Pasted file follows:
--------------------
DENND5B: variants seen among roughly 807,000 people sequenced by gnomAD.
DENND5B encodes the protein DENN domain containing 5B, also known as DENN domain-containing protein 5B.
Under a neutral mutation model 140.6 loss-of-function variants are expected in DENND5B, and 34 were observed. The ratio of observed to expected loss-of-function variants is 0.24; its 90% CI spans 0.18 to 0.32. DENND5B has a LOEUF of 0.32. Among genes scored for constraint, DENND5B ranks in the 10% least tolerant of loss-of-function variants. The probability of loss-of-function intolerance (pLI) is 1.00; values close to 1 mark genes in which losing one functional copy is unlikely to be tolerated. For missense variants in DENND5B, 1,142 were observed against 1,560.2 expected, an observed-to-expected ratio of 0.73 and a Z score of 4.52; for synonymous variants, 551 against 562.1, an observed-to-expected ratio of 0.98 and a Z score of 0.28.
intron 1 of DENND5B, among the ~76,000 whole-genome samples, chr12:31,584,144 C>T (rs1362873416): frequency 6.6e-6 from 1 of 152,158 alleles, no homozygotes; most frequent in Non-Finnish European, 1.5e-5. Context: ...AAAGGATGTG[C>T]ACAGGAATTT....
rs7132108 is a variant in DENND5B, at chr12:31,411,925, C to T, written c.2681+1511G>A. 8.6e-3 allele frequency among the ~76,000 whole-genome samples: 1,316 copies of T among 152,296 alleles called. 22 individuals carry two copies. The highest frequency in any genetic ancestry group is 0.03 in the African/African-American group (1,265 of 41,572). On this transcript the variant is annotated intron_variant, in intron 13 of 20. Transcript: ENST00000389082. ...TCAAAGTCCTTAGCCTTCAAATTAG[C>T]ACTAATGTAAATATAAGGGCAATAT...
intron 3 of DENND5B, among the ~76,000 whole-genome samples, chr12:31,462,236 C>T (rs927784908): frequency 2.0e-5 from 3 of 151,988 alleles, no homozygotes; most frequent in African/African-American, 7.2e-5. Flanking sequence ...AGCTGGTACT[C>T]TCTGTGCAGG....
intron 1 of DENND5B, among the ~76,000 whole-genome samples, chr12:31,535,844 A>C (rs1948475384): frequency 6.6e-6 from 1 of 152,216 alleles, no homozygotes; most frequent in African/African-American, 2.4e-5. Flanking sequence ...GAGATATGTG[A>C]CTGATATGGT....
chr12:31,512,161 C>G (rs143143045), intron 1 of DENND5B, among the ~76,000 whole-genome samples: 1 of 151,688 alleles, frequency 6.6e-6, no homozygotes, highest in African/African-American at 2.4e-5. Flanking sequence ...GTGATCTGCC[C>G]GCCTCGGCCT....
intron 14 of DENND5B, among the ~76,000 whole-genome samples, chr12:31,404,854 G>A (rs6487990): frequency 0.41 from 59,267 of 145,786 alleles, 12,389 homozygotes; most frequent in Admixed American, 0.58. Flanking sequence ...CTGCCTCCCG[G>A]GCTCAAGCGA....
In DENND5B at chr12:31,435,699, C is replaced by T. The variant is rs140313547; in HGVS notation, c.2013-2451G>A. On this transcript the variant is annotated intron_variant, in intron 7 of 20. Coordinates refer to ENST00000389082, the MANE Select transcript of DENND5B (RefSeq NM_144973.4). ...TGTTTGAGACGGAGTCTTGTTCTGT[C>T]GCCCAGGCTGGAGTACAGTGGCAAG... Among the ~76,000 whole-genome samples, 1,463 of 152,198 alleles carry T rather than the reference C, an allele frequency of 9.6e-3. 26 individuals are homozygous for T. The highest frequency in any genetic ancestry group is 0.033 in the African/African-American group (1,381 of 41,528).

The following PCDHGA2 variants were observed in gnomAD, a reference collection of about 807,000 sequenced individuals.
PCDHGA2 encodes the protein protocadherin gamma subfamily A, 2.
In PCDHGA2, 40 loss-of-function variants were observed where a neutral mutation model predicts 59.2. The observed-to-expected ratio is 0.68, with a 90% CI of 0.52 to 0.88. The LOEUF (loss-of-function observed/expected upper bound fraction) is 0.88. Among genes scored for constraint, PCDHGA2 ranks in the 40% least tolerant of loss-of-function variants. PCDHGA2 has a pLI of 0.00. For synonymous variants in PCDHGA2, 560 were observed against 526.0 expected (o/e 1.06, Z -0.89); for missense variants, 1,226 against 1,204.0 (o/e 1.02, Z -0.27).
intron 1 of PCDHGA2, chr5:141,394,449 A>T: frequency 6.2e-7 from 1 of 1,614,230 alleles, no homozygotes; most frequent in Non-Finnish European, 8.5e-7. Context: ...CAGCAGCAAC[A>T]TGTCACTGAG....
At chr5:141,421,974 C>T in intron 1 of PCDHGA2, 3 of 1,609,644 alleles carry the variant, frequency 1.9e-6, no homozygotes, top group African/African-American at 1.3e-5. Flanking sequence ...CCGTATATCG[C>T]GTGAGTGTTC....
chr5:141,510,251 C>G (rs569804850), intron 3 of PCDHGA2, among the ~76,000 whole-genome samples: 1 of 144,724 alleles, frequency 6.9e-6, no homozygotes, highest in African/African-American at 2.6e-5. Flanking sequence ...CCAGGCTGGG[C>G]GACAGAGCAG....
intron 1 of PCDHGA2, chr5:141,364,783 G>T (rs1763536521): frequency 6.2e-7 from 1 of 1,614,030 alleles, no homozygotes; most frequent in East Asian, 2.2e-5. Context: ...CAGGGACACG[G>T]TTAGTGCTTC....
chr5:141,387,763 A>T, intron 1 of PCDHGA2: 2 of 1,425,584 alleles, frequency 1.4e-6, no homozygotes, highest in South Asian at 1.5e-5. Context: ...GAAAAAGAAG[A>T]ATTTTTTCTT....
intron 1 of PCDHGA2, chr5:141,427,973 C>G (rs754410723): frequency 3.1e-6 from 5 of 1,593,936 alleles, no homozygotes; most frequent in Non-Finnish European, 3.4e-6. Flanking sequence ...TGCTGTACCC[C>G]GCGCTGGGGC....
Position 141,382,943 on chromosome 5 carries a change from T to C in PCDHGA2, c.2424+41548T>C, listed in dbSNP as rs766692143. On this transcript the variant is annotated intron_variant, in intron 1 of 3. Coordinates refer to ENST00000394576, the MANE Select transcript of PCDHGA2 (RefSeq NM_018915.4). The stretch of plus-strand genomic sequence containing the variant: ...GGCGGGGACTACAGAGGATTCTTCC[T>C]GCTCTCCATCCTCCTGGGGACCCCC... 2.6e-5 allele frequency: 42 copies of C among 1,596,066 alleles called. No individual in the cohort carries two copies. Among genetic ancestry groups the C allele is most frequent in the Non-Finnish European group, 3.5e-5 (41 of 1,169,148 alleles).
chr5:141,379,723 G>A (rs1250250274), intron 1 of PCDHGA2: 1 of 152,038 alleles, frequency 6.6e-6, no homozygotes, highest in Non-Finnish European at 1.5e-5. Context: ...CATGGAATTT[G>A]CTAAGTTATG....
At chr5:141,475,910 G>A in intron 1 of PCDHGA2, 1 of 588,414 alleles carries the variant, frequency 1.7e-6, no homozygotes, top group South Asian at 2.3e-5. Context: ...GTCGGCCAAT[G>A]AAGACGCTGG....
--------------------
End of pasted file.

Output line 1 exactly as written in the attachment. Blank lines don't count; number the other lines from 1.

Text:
DENND5B: variants seen among roughly 807,000 people sequenced by gnomAD.